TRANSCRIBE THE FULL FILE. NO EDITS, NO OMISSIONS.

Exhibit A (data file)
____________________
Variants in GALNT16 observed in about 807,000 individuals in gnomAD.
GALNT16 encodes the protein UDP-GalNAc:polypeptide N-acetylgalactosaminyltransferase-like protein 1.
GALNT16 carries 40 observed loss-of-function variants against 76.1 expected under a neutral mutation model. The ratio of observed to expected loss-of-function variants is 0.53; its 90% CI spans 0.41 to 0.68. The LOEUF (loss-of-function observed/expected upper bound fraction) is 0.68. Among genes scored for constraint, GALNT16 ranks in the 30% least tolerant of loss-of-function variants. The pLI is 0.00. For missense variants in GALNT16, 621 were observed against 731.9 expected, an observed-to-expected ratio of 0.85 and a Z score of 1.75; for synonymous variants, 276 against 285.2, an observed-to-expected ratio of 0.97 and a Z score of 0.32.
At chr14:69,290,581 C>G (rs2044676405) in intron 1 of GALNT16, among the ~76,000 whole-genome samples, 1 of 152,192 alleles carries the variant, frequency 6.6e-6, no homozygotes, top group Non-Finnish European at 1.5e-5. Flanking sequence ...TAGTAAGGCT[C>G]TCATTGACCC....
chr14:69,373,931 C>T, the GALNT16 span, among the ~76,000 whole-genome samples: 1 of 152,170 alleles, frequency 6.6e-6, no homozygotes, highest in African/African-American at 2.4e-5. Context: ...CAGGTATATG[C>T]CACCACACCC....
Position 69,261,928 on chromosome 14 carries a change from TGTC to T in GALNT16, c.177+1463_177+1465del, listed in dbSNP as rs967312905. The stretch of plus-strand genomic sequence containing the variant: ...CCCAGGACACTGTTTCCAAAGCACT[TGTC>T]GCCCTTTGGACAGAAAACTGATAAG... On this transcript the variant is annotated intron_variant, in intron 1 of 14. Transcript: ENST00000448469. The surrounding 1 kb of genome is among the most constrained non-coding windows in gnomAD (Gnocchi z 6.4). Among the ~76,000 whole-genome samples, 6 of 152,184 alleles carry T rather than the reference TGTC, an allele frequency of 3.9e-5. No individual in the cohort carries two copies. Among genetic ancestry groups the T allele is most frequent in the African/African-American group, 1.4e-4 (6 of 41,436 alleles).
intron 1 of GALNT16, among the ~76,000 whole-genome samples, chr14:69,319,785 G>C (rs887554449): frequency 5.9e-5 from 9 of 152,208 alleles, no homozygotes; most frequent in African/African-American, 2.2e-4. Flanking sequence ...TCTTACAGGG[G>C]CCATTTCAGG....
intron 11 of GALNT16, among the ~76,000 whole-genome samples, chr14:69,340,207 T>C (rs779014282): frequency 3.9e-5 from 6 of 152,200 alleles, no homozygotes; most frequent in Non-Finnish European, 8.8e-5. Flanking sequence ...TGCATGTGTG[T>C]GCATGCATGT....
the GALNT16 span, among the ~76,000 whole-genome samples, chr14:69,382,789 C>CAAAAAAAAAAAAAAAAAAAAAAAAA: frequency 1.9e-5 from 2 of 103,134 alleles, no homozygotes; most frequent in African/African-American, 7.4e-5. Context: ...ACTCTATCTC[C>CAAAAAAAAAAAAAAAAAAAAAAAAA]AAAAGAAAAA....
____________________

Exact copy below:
Variants in GALNT16 observed in about 807,000 individuals in gnomAD.
GALNT16 encodes the protein UDP-GalNAc:polypeptide N-acetylgalactosaminyltransferase-like protein 1.
GALNT16 carries 40 observed loss-of-function variants against 76.1 expected under a neutral mutation model. The ratio of observed to expected loss-of-function variants is 0.53; its 90% CI spans 0.41 to 0.68. The LOEUF (loss-of-function observed/expected upper bound fraction) is 0.68. Among genes scored for constraint, GALNT16 ranks in the 30% least tolerant of loss-of-function variants. The pLI is 0.00. For missense variants in GALNT16, 621 were observed against 731.9 expected, an observed-to-expected ratio of 0.85 and a Z score of 1.75; for synonymous variants, 276 against 285.2, an observed-to-expected ratio of 0.97 and a Z score of 0.32.
At chr14:69,290,581 C>G (rs2044676405) in intron 1 of GALNT16, among the ~76,000 whole-genome samples, 1 of 152,192 alleles carries the variant, frequency 6.6e-6, no homozygotes, top group Non-Finnish European at 1.5e-5. Flanking sequence ...TAGTAAGGCT[C>G]TCATTGACCC....
chr14:69,373,931 C>T, the GALNT16 span, among the ~76,000 whole-genome samples: 1 of 152,170 alleles, frequency 6.6e-6, no homozygotes, highest in African/African-American at 2.4e-5. Context: ...CAGGTATATG[C>T]CACCACACCC....
Position 69,261,928 on chromosome 14 carries a change from TGTC to T in GALNT16, c.177+1463_177+1465del, listed in dbSNP as rs967312905. The stretch of plus-strand genomic sequence containing the variant: ...CCCAGGACACTGTTTCCAAAGCACT[TGTC>T]GCCCTTTGGACAGAAAACTGATAAG... On this transcript the variant is annotated intron_variant, in intron 1 of 14. Transcript: ENST00000448469. The surrounding 1 kb of genome is among the most constrained non-coding windows in gnomAD (Gnocchi z 6.4). Among the ~76,000 whole-genome samples, 6 of 152,184 alleles carry T rather than the reference TGTC, an allele frequency of 3.9e-5. No individual in the cohort carries two copies. Among genetic ancestry groups the T allele is most frequent in the African/African-American group, 1.4e-4 (6 of 41,436 alleles).
intron 1 of GALNT16, among the ~76,000 whole-genome samples, chr14:69,319,785 G>C (rs887554449): frequency 5.9e-5 from 9 of 152,208 alleles, no homozygotes; most frequent in African/African-American, 2.2e-4. Flanking sequence ...TCTTACAGGG[G>C]CCATTTCAGG....
intron 11 of GALNT16, among the ~76,000 whole-genome samples, chr14:69,340,207 T>C (rs779014282): frequency 3.9e-5 from 6 of 152,200 alleles, no homozygotes; most frequent in Non-Finnish European, 8.8e-5. Flanking sequence ...TGCATGTGTG[T>C]GCATGCATGT....
the GALNT16 span, among the ~76,000 whole-genome samples, chr14:69,382,789 C>CAAAAAAAAAAAAAAAAAAAAAAAAA: frequency 1.9e-5 from 2 of 103,134 alleles, no homozygotes; most frequent in African/African-American, 7.4e-5. Context: ...ACTCTATCTC[C>CAAAAAAAAAAAAAAAAAAAAAAAAA]AAAAGAAAAA....